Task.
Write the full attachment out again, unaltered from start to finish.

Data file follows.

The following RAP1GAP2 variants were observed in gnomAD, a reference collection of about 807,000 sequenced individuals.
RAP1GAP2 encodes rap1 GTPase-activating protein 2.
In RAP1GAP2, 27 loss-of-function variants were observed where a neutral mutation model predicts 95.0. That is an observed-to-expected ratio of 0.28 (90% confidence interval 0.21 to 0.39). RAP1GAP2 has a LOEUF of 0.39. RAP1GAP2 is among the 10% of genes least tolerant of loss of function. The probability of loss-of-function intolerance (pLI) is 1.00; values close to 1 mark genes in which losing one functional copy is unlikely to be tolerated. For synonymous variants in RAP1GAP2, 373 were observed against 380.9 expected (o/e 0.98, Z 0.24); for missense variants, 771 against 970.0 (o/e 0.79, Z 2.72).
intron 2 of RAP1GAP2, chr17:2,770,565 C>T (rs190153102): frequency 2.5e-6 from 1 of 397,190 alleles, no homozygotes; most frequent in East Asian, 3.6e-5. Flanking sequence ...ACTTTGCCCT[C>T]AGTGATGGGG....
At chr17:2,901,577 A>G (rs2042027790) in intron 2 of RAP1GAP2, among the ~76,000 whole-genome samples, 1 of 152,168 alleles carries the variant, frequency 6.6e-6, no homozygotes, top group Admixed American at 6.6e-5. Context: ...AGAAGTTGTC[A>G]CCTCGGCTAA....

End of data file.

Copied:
The following RAP1GAP2 variants were observed in gnomAD, a reference collection of about 807,000 sequenced individuals.
RAP1GAP2 encodes rap1 GTPase-activating protein 2.
In RAP1GAP2, 27 loss-of-function variants were observed where a neutral mutation model predicts 95.0. That is an observed-to-expected ratio of 0.28 (90% confidence interval 0.21 to 0.39). RAP1GAP2 has a LOEUF of 0.39. RAP1GAP2 is among the 10% of genes least tolerant of loss of function. The probability of loss-of-function intolerance (pLI) is 1.00; values close to 1 mark genes in which losing one functional copy is unlikely to be tolerated. For synonymous variants in RAP1GAP2, 373 were observed against 380.9 expected (o/e 0.98, Z 0.24); for missense variants, 771 against 970.0 (o/e 0.79, Z 2.72).
intron 2 of RAP1GAP2, chr17:2,770,565 C>T (rs190153102): frequency 2.5e-6 from 1 of 397,190 alleles, no homozygotes; most frequent in East Asian, 3.6e-5. Flanking sequence ...ACTTTGCCCT[C>T]AGTGATGGGG....
At chr17:2,901,577 A>G (rs2042027790) in intron 2 of RAP1GAP2, among the ~76,000 whole-genome samples, 1 of 152,168 alleles carries the variant, frequency 6.6e-6, no homozygotes, top group Admixed American at 6.6e-5. Context: ...AGAAGTTGTC[A>G]CCTCGGCTAA....